Coffeenatics is a coffee company out of Sumatra. These guys came from Sumatra to Bali just for the festival. And they were not only one of my favorite parts of the festival, but some of my favorite people I have met on this trip.

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They were the best!

I walked up to the booth and one of the guys immediately said, “You look good! I like your style.” Motioning his finger up and down in the air. Now, I’m a smart, intelligent woman, a deep thinker, a spiritual being. I believe I have a lot of wisdom and insight to offer the world. I also carefully picked out my flowy Balinese outfit that day. So, it made me really happy to have my efforts recognized. After all, fashion is still a creative process.

That was a nice way to begin our interaction. Then, as I waited for my coffee to be made, I walked into the grassy area to discover a lovely, peaceful hammock, just waiting to cradle me. When I imagined coming to Bali I was hoping there would be a hammock involved at some point, when I exclaimed about the hammock the Coffeenatics said, “Go lay in the hammock! We’ll bring the coffee to you!” As if they hadn’t already completely won me over! The only thing that could’ve topped that would’ve been if they started fanning me with a giant banana leaf. I officially loved them at that point.20161030_101659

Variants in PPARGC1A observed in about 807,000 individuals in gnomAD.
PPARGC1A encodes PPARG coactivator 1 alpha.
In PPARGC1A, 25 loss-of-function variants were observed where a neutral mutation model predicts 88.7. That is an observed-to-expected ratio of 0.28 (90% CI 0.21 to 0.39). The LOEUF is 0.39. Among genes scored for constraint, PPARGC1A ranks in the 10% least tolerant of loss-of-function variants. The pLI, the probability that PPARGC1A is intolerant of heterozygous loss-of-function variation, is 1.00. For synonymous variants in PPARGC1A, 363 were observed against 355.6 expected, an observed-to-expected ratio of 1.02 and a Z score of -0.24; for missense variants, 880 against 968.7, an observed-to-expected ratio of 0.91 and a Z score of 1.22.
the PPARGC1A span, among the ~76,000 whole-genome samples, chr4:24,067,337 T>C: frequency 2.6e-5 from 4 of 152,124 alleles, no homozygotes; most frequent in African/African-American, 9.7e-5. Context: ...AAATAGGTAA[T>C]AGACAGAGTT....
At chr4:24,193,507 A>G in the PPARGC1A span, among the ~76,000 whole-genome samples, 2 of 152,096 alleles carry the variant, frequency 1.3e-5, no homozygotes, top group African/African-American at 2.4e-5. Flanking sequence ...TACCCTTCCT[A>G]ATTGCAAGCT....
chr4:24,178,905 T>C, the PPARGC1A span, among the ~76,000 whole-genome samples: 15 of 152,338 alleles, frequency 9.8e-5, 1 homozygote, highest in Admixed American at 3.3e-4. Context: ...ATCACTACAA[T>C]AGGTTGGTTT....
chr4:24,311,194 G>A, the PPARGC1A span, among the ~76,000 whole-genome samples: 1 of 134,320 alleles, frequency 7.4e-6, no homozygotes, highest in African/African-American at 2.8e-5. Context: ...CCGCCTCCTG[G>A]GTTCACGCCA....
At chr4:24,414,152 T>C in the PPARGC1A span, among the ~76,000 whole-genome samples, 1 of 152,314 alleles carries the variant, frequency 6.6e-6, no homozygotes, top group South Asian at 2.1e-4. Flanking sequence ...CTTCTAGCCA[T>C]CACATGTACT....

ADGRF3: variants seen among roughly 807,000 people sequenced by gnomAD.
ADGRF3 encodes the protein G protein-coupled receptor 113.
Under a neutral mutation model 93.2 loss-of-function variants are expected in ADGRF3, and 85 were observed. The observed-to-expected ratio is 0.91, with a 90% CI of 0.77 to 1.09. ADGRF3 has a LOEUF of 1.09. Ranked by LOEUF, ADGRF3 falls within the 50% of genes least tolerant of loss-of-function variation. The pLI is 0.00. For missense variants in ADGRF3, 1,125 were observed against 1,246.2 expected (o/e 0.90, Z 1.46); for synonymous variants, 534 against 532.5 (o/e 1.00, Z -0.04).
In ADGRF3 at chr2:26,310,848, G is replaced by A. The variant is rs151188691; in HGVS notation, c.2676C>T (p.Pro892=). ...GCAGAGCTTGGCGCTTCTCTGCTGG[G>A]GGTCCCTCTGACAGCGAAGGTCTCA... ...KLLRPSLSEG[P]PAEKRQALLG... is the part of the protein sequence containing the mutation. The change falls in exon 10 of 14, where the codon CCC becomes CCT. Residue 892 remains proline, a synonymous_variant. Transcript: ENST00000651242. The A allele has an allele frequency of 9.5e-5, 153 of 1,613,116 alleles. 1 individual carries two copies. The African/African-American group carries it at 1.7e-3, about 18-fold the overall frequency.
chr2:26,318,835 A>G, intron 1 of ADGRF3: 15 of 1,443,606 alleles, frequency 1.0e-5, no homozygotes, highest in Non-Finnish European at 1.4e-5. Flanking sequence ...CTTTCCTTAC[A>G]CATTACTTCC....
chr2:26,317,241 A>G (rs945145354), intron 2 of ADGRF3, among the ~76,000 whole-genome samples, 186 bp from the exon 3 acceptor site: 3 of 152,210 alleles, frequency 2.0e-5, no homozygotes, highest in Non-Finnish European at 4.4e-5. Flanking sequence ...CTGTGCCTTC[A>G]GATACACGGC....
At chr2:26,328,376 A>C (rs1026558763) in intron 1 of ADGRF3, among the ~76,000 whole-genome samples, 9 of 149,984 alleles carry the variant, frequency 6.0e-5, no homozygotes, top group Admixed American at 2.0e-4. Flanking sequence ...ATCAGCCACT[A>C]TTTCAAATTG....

I lay in the hammock for a few minutes, but at that point I actually was more interested in hanging with them then hanging in the hammock. So, I left the hammock and sat by them for a bit. They then offered to fill my water bottle with cold water, which is a big deal for a several reasons. Hydration. Hydration is important, especially for us whities who aren’t used to this heat and humidity. Trash is a big deal here on Bali. And it really sucks to have to keep buying plastic water bottles. (That was my one real complaint about the festival- they need water refilling stations). So, it was awesome to be able to get my water refilled and not waste another plastic bottle. And it was cold! Most refillable water is in big 5 gallon jugs that of course aren’t kept cold. So, cold water is a bit of a luxury. Oh, and there was lemon in it!